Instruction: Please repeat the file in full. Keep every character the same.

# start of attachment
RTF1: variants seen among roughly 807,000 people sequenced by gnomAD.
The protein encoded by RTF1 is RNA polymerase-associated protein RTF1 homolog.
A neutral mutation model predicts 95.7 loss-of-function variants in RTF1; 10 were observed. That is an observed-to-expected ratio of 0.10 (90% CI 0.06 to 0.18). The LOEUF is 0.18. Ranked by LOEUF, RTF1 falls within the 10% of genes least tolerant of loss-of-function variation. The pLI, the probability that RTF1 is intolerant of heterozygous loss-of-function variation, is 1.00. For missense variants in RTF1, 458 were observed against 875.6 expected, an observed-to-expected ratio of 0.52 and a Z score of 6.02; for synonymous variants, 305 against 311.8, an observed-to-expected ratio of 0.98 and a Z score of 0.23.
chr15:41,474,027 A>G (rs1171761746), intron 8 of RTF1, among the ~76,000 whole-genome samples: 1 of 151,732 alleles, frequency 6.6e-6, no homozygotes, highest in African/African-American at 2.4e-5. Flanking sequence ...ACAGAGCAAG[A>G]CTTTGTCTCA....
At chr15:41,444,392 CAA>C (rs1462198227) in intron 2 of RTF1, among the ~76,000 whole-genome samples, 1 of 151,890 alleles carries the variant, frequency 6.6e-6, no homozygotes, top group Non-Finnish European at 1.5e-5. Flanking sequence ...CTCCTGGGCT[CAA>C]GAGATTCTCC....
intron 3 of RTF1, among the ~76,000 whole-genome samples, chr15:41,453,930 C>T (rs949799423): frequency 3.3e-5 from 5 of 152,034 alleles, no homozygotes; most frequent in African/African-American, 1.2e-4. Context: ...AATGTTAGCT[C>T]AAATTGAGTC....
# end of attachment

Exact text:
RTF1: variants seen among roughly 807,000 people sequenced by gnomAD.
The protein encoded by RTF1 is RNA polymerase-associated protein RTF1 homolog.
A neutral mutation model predicts 95.7 loss-of-function variants in RTF1; 10 were observed. That is an observed-to-expected ratio of 0.10 (90% CI 0.06 to 0.18). The LOEUF is 0.18. Ranked by LOEUF, RTF1 falls within the 10% of genes least tolerant of loss-of-function variation. The pLI, the probability that RTF1 is intolerant of heterozygous loss-of-function variation, is 1.00. For missense variants in RTF1, 458 were observed against 875.6 expected, an observed-to-expected ratio of 0.52 and a Z score of 6.02; for synonymous variants, 305 against 311.8, an observed-to-expected ratio of 0.98 and a Z score of 0.23.
chr15:41,474,027 A>G (rs1171761746), intron 8 of RTF1, among the ~76,000 whole-genome samples: 1 of 151,732 alleles, frequency 6.6e-6, no homozygotes, highest in African/African-American at 2.4e-5. Flanking sequence ...ACAGAGCAAG[A>G]CTTTGTCTCA....
At chr15:41,444,392 CAA>C (rs1462198227) in intron 2 of RTF1, among the ~76,000 whole-genome samples, 1 of 151,890 alleles carries the variant, frequency 6.6e-6, no homozygotes, top group Non-Finnish European at 1.5e-5. Flanking sequence ...CTCCTGGGCT[CAA>C]GAGATTCTCC....
intron 3 of RTF1, among the ~76,000 whole-genome samples, chr15:41,453,930 C>T (rs949799423): frequency 3.3e-5 from 5 of 152,034 alleles, no homozygotes; most frequent in African/African-American, 1.2e-4. Context: ...AATGTTAGCT[C>T]AAATTGAGTC....